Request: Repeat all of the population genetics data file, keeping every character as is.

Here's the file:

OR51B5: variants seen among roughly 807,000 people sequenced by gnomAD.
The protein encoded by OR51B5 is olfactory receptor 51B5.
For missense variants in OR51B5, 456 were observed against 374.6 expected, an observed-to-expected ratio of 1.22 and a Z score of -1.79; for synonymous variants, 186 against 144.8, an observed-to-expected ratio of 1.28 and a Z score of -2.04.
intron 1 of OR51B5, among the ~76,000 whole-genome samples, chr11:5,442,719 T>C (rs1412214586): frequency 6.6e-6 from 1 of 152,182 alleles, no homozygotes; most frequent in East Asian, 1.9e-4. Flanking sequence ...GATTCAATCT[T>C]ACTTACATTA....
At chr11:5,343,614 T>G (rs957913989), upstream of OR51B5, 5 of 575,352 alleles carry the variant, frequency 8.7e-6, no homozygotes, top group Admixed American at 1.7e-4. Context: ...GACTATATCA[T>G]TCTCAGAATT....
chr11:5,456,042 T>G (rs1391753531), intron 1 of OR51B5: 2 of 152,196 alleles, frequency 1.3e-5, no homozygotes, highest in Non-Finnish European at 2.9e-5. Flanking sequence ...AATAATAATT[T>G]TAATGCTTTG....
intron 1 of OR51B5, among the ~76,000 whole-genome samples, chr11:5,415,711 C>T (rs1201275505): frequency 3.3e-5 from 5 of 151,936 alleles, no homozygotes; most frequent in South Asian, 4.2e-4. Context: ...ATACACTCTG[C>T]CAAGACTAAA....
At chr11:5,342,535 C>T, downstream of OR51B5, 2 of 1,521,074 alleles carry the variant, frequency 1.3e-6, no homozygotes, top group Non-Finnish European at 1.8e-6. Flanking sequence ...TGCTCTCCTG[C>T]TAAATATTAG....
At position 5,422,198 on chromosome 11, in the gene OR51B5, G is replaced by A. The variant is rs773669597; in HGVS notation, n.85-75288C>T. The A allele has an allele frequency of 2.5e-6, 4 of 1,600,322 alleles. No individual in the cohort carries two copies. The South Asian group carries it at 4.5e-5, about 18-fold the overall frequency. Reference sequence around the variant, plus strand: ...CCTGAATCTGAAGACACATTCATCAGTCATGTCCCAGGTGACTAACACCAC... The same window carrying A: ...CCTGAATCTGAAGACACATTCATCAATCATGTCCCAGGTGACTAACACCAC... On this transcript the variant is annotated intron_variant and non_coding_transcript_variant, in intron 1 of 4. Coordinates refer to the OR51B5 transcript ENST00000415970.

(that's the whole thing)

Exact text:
OR51B5: variants seen among roughly 807,000 people sequenced by gnomAD.
The protein encoded by OR51B5 is olfactory receptor 51B5.
For missense variants in OR51B5, 456 were observed against 374.6 expected, an observed-to-expected ratio of 1.22 and a Z score of -1.79; for synonymous variants, 186 against 144.8, an observed-to-expected ratio of 1.28 and a Z score of -2.04.
intron 1 of OR51B5, among the ~76,000 whole-genome samples, chr11:5,442,719 T>C (rs1412214586): frequency 6.6e-6 from 1 of 152,182 alleles, no homozygotes; most frequent in East Asian, 1.9e-4. Flanking sequence ...GATTCAATCT[T>C]ACTTACATTA....
At chr11:5,343,614 T>G (rs957913989), upstream of OR51B5, 5 of 575,352 alleles carry the variant, frequency 8.7e-6, no homozygotes, top group Admixed American at 1.7e-4. Context: ...GACTATATCA[T>G]TCTCAGAATT....
chr11:5,456,042 T>G (rs1391753531), intron 1 of OR51B5: 2 of 152,196 alleles, frequency 1.3e-5, no homozygotes, highest in Non-Finnish European at 2.9e-5. Flanking sequence ...AATAATAATT[T>G]TAATGCTTTG....
intron 1 of OR51B5, among the ~76,000 whole-genome samples, chr11:5,415,711 C>T (rs1201275505): frequency 3.3e-5 from 5 of 151,936 alleles, no homozygotes; most frequent in South Asian, 4.2e-4. Context: ...ATACACTCTG[C>T]CAAGACTAAA....
At chr11:5,342,535 C>T, downstream of OR51B5, 2 of 1,521,074 alleles carry the variant, frequency 1.3e-6, no homozygotes, top group Non-Finnish European at 1.8e-6. Flanking sequence ...TGCTCTCCTG[C>T]TAAATATTAG....
At position 5,422,198 on chromosome 11, in the gene OR51B5, G is replaced by A. The variant is rs773669597; in HGVS notation, n.85-75288C>T. The A allele has an allele frequency of 2.5e-6, 4 of 1,600,322 alleles. No individual in the cohort carries two copies. The South Asian group carries it at 4.5e-5, about 18-fold the overall frequency. Reference sequence around the variant, plus strand: ...CCTGAATCTGAAGACACATTCATCAGTCATGTCCCAGGTGACTAACACCAC... The same window carrying A: ...CCTGAATCTGAAGACACATTCATCAATCATGTCCCAGGTGACTAACACCAC... On this transcript the variant is annotated intron_variant and non_coding_transcript_variant, in intron 1 of 4. Coordinates refer to the OR51B5 transcript ENST00000415970.